paul.matthews Fri, 09/12/2008 - 06:54

We need a little more detail I am afraid! What routers, what is between them?

ThitPin1024 Tue, 09/16/2008 - 18:40

Those are cisco 1700 series routers.

btw them is 256 kbps leased line.

i have one ethernet port each router connected with IP-PABX and phones. Want to make VLAN for that network seperated from data traffic.


paul.matthews Tue, 09/16/2008 - 23:33

Ah! In that case you don't want VLANs! The concept is similar but on a WAN link they are referred to as Virtual Circuits. There are a couple of concepts that may get a little complex though, dependeing upon what you mean by keeping the traffic separate!

You could use frame relay for the link type, and create two DLCIs and run them on separate subinterfaces. The details are well documented on configuring frame relay, so you can do something like

int S0

enc frame-relay

int s0.100 point-to-point

Desc Voice Traffic

frame-relay interface-DLCI 100

ip add a.b.c.d m.a.s.k

int s0.101 point-to-point

Desc Data Traffic

frame-relay interface-DLCI 101

ip add e.f.g.h m.a.s.k

And similar at the other end. Please note I have typed this from memory, so there may be the odd typo!

That will give two logical circuits across the WAN, but if you just then include everything in the same routing process, you will not have segregation of traffic. Running two instances of OSPF and putting voice interfaces in one and data in the other will give a degree of separation, but will not guarantee it - both processes will add routing information to the same routing table. If you *really* want full separation you will need to look at VRF-Lite, which I don't think is available on the 1700.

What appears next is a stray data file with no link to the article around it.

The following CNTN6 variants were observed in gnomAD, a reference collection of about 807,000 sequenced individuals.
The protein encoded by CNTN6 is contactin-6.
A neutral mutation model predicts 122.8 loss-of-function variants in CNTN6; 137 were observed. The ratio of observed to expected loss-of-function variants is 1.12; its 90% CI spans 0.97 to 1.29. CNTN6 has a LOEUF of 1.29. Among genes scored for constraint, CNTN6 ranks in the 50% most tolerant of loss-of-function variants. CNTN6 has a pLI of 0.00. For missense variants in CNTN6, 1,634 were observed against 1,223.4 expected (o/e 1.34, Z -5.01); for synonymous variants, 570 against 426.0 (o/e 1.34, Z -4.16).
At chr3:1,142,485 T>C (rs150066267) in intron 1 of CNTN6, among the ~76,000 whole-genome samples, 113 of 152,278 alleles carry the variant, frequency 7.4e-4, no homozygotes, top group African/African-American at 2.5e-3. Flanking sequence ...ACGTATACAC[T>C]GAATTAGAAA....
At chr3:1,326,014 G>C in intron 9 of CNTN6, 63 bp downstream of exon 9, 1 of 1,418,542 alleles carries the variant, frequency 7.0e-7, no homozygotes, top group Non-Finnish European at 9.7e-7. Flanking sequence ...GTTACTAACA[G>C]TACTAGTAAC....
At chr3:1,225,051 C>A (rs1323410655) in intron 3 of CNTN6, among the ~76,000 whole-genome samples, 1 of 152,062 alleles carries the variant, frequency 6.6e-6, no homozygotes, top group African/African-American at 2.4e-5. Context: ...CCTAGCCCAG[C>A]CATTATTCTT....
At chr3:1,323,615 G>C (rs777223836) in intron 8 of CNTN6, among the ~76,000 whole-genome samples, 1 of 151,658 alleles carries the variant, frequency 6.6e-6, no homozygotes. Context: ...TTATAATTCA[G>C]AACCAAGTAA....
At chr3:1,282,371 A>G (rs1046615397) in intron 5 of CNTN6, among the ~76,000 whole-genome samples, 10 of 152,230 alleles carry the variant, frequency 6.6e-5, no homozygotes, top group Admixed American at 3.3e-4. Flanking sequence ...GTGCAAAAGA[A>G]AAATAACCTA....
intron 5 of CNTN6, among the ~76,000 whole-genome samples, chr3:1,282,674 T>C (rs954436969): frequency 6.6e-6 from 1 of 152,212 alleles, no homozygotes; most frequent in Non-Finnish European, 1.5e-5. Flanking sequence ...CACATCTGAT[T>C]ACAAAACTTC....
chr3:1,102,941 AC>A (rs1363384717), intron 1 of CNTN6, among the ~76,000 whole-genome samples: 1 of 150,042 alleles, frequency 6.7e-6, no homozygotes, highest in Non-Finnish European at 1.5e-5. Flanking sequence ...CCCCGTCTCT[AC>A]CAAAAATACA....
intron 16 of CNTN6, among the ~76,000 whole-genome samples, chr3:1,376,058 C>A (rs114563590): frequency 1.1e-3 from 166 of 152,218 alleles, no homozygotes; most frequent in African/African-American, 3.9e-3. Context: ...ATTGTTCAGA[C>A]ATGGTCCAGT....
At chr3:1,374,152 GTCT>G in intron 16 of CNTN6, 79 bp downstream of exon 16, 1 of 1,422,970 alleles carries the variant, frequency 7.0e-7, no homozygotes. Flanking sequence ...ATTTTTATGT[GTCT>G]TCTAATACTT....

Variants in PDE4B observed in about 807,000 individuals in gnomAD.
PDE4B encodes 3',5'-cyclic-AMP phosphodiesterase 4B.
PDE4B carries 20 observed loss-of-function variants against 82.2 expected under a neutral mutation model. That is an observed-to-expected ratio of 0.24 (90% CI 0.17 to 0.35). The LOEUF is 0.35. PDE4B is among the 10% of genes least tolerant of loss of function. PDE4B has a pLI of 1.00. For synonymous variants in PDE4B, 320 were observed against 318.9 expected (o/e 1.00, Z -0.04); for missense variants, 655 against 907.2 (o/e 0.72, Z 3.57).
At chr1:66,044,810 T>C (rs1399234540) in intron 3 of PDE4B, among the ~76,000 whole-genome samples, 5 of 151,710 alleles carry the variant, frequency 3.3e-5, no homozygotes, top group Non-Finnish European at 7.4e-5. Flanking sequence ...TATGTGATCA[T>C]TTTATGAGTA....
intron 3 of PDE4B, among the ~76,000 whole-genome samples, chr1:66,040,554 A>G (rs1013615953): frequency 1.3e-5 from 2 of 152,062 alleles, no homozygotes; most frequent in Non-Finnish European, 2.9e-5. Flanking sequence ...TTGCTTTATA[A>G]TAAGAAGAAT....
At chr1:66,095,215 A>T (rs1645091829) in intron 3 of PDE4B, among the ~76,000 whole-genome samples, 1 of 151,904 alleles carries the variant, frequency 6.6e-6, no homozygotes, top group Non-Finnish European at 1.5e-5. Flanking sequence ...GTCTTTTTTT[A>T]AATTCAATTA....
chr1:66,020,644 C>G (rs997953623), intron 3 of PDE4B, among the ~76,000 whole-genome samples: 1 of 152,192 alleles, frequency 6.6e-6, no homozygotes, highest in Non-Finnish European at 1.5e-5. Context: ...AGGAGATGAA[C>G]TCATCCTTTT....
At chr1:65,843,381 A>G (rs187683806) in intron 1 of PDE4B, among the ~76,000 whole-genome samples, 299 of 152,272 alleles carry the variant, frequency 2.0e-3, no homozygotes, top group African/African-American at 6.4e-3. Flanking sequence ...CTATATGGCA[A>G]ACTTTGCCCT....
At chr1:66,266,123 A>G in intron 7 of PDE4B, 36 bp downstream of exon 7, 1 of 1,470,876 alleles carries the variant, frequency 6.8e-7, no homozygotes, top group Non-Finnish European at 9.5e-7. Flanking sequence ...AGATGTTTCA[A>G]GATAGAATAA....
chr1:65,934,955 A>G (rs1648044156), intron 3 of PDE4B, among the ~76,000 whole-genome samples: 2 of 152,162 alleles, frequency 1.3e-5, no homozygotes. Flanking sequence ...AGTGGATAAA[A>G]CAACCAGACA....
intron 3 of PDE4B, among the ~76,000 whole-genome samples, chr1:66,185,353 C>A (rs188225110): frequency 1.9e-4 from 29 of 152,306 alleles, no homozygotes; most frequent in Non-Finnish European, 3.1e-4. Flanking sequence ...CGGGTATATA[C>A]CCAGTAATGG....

ThitPin1024 Fri, 09/19/2008 - 03:31


Let's say I configured two virtual interface by using enc frame-relay.

Then how can i reserve dedicated bandwidth for each Interface traffic flow?

paul.matthews Fri, 09/19/2008 - 04:38

If bandwidth management is the aim, you don't need channels! This is where clear requirements are good.

If the whole aim is to manage bandwidth all you need do (says he flippantly) is look at the options with QoS. Separate circuits give "separation" (a little moot when you have them ending on the same routers.

QoS can be used in conjunction with circuits to do both bandwidth management.

The first thing you need to decide is exactly what behaviour you want. You can have multiple permutations of guaranteed minimum, maximum and prioritisation. If one type of traffic is not using its allocation, do you want the other to be able to use it?


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